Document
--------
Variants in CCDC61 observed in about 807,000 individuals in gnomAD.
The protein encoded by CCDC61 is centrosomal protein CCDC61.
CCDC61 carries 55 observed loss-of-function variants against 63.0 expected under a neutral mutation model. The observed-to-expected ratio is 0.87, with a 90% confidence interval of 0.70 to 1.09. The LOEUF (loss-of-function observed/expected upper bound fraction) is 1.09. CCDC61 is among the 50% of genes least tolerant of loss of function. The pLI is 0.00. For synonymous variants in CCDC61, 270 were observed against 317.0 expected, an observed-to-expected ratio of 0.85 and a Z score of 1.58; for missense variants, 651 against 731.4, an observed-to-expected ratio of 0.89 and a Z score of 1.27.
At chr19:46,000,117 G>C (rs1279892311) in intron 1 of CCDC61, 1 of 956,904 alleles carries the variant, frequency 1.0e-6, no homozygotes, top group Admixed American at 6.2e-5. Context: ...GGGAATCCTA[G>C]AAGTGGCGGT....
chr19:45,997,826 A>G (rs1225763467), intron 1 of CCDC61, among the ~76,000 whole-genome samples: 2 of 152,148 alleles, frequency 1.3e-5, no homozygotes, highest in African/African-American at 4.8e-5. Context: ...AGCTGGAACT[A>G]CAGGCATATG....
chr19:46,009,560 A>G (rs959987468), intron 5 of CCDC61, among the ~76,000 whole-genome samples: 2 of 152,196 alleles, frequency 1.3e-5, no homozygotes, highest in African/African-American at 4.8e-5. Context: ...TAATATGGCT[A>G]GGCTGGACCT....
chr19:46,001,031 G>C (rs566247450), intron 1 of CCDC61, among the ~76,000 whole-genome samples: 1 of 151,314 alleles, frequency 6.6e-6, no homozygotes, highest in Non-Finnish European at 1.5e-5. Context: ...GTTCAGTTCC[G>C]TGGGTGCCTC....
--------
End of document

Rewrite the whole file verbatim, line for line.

Variants in CCDC61 observed in about 807,000 individuals in gnomAD.
The protein encoded by CCDC61 is centrosomal protein CCDC61.
CCDC61 carries 55 observed loss-of-function variants against 63.0 expected under a neutral mutation model. The observed-to-expected ratio is 0.87, with a 90% confidence interval of 0.70 to 1.09. The LOEUF (loss-of-function observed/expected upper bound fraction) is 1.09. CCDC61 is among the 50% of genes least tolerant of loss of function. The pLI is 0.00. For synonymous variants in CCDC61, 270 were observed against 317.0 expected, an observed-to-expected ratio of 0.85 and a Z score of 1.58; for missense variants, 651 against 731.4, an observed-to-expected ratio of 0.89 and a Z score of 1.27.
At chr19:46,000,117 G>C (rs1279892311) in intron 1 of CCDC61, 1 of 956,904 alleles carries the variant, frequency 1.0e-6, no homozygotes, top group Admixed American at 6.2e-5. Context: ...GGGAATCCTA[G>C]AAGTGGCGGT....
chr19:45,997,826 A>G (rs1225763467), intron 1 of CCDC61, among the ~76,000 whole-genome samples: 2 of 152,148 alleles, frequency 1.3e-5, no homozygotes, highest in African/African-American at 4.8e-5. Context: ...AGCTGGAACT[A>G]CAGGCATATG....
chr19:46,009,560 A>G (rs959987468), intron 5 of CCDC61, among the ~76,000 whole-genome samples: 2 of 152,196 alleles, frequency 1.3e-5, no homozygotes, highest in African/African-American at 4.8e-5. Context: ...TAATATGGCT[A>G]GGCTGGACCT....
chr19:46,001,031 G>C (rs566247450), intron 1 of CCDC61, among the ~76,000 whole-genome samples: 1 of 151,314 alleles, frequency 6.6e-6, no homozygotes, highest in Non-Finnish European at 1.5e-5. Context: ...GTTCAGTTCC[G>C]TGGGTGCCTC....